also took the opportunity to chase around after engine bits, drool over
expensive guitars at the music shop in Patras, and do innumerable runs to Lidl
to stock up on tins and bottles.
We thought that the Italians drove fast and took chances, but that was
before we ventured onto the Greek highways. There was me thinking that the hard
shoulder was for breakdowns, picnics and a place from which to take photos of
the view, when in fact, convention in Greece is to straddle the white line
marking the hard shoulder, turning an ordinary single lane road into a dual
carriageway and giving the Greek drivers room to overtake on blind bends. Once
we’d mastered driving Greek style, we moved on to the linguistic challenge of
reading road signs in Greek.
The toll bridge across the Gulf of Patras that links mainland Greece with
drove along the north coast road of the Gulf of Patras to Itea, past Galaxidi
and the island of Trizonia and into Nafpaktos. Nafpaktos is a walled town with a
tiny fortified Venetian harbour (we would struggle to get in with CAPE), and a
Venetian castle that climbs the mountain behind the town. Nafpaktos (Venetian
name Lepanto) was the site of the (apparently) famous battle of
Lepanto, which took place on 7 October 1571. According to Wikipedia, a variety
of Christian forces (including some from Spain, Naples, Sicily, Sardinia,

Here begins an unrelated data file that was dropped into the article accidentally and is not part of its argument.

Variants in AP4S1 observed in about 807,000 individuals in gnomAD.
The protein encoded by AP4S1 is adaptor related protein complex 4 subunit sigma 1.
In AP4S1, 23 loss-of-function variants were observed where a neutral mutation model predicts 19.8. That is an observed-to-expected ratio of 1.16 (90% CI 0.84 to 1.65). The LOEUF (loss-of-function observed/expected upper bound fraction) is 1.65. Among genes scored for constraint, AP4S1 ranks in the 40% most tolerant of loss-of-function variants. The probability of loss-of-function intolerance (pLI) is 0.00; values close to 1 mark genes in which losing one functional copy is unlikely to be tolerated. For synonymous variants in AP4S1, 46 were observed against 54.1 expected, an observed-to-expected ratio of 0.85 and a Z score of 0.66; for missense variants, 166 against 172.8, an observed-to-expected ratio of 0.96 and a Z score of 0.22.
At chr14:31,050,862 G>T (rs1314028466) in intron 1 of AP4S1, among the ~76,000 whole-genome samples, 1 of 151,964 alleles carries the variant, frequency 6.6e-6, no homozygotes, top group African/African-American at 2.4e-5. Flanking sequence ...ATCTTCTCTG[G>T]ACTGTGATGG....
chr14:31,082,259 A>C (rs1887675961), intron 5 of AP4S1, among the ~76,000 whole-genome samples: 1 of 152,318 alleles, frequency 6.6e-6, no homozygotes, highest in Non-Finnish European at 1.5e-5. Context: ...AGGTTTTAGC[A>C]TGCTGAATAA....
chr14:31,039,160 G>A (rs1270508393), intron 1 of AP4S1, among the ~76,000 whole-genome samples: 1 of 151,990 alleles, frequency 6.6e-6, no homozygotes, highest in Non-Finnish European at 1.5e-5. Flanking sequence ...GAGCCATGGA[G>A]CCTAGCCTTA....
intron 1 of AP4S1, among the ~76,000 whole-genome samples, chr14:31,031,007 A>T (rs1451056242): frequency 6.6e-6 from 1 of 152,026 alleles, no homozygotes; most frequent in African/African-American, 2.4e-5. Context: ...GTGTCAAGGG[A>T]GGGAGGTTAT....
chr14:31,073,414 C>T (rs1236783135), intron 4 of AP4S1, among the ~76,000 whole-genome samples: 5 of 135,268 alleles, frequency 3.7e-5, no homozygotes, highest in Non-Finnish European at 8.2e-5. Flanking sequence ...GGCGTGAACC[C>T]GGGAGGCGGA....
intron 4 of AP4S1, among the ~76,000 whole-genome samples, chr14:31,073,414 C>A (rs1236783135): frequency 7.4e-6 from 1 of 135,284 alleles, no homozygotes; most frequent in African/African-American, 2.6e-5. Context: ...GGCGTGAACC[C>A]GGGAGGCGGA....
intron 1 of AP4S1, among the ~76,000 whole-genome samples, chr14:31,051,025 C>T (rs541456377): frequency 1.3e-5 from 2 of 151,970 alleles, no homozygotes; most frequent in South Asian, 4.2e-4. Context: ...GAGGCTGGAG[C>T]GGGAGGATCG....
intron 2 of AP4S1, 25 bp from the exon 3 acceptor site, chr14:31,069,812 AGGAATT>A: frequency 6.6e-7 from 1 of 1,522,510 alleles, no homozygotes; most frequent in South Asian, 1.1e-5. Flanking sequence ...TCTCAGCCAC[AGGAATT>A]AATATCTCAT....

Venice, Genoa, and the Papacy) joined together to fight the Ottoman navy,
putting an end to Turkish naval supremacy, protecting Rome and preventing the
Ottomans from advancing further into Europe. It was also, apparently, the last
major naval battle fought between rowing vessels. The Spanish writer,
de Cervantes, author of Don Quixote,
fought in this battle and there is a statue of him in the harbour.
The fortified harbour walls at Nafpaktos; the skinny bloke in the
foreground is Miguel de Cervantes.
Across the rooftops of Nafpaktos and the Gulf of
We had a wonderful day in Delphi. While it was overcast and cold (water
standing in holes in the 'architectural salvage' was ice), but we almost had the
place to ourselves and were thoroughly impressed with the setting, the museum
and the site.
The setting for Delphi – high in the mountains – is
listen carefully – there will be a test at the end. The story goes that Zeus is
supposed to have released two eagles from opposite ends of the earth and they
met in the sky above Delphi, impaling each other with their beaks. The point
where they fell to earth is considered to be the centre of the world, and is
marked by the sacred Omphalos or ‘navel’ stone’. Delphi is set on the slopes of
Mount Parnassus, high in the mountains about 100 miles NW of Athens. It was the
holiest site in the world for the ancient Greeks – a site of pilgrimage, the
home of the Oracle, and the Pythian Games.
The original god to be worshipped at Delphi is thought to be
the goddess Gaia (Mother Earth). Gaia’s son, Python (a serpent or dragon), was
the guardian of Delphi's sacred Castalian Spring. When Apollo turned up, he
killed Python, claiming the Castalian spring for himself. He then founded the